Carbondale to see strong police presence during eclipse weekend



(Gina Ferazzi/Los Angeles Times/TNS)

By Joseph McLaughlin

The Great American Eclipse is fast approaching and soon an estimated 50,000 to 100,000 people will flock to southern Illinois.

Although national attention has been increasingly focused on the region in recent months, Carbondale law enforcement has been planning for the Aug. 21 crowds for well over a year, according to Carbondale Deputy Police Chief Stan Reno.

Officials from local, state and federal law enforcement agencies have undertaken a massive effort to ensure the celestially-minded tourists have a safe setting in which to stargaze, Reno said.


Although Reno could not specify how many officers will be on patrol over the course of the festivities, he said eclipse-watchers will see a strong police presence.

The Jackson County Sheriff’s Department will also be increasing its staffing levels through Tuesday and adding extra patrols to help handle the influx of people, according to a flyer sent out by the Sheriff’s Department.

Additionally, the flyer said the sheriff’s office will be setting up a mobile response trailer in the parking lot of the Southern Illinois Healthcare training facility at New Rte. 13 and Reed Station Road in Carbondale. The public is encouraged to visit if assistance is needed. The trailer will also have a limited number of eclipse viewing glasses.

In January, the Carbondale City Council approved an ordinance to permit open alcohol containers in the downtown area. The alcoholic beverages must be in plastic containers and can only be consumed between Jackson and Mill Streets and Washington Street and University Avenue from 11 a.m. to 11 p.m. It must also be purchased from licensed liquor establishments within the approved zone. Coolers and outside alcohol are not allowed.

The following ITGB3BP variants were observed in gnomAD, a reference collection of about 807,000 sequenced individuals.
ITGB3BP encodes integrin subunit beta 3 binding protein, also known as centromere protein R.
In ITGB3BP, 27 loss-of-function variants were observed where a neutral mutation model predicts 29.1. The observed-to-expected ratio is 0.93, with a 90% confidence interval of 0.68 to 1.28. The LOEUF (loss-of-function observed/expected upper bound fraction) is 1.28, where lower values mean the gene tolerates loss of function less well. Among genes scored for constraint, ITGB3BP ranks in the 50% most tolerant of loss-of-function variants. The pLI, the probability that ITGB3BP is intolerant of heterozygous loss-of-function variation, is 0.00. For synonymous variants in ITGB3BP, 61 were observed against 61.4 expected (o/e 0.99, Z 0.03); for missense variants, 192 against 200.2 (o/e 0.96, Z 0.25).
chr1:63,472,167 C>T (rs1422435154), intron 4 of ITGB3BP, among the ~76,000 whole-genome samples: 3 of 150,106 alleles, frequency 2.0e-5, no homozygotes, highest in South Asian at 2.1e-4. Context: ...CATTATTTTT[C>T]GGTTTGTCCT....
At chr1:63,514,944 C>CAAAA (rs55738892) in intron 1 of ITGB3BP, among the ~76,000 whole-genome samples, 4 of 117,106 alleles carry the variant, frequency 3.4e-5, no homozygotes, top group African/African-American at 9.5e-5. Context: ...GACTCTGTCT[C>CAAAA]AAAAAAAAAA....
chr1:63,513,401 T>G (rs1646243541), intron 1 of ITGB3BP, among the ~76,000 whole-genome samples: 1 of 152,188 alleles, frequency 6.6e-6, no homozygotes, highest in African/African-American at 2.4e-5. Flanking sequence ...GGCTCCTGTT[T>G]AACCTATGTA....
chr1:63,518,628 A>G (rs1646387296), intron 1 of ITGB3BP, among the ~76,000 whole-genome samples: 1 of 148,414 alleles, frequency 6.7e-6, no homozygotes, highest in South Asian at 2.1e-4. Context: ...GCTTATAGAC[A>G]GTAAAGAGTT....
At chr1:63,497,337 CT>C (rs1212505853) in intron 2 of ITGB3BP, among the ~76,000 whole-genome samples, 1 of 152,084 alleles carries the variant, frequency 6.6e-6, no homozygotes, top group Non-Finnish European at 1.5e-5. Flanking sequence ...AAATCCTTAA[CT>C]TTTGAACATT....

Reno said officers want the public to help them to identify any issues or law-breaking they witness during eclipse weekend.

“If you see something, say something,” he said.

Police are also asking that eclipse-watchers enjoy the phenomenon from a safe location, rather than the side of the road. Traffic will be heavy and sitting on the shoulder could be a safety hazard, Reno said.


For all eclipse information, visit or call 618-967-5220, a special hotline established by the city just for the weekend. The Jackson County Sheriff’s Office suggests visiting or calling 618-687-4403 or 618-687-4404 with questions and concerns.

Staff writer Joe McLaughlin can be reached at or on Twitter at @jmcl_de.

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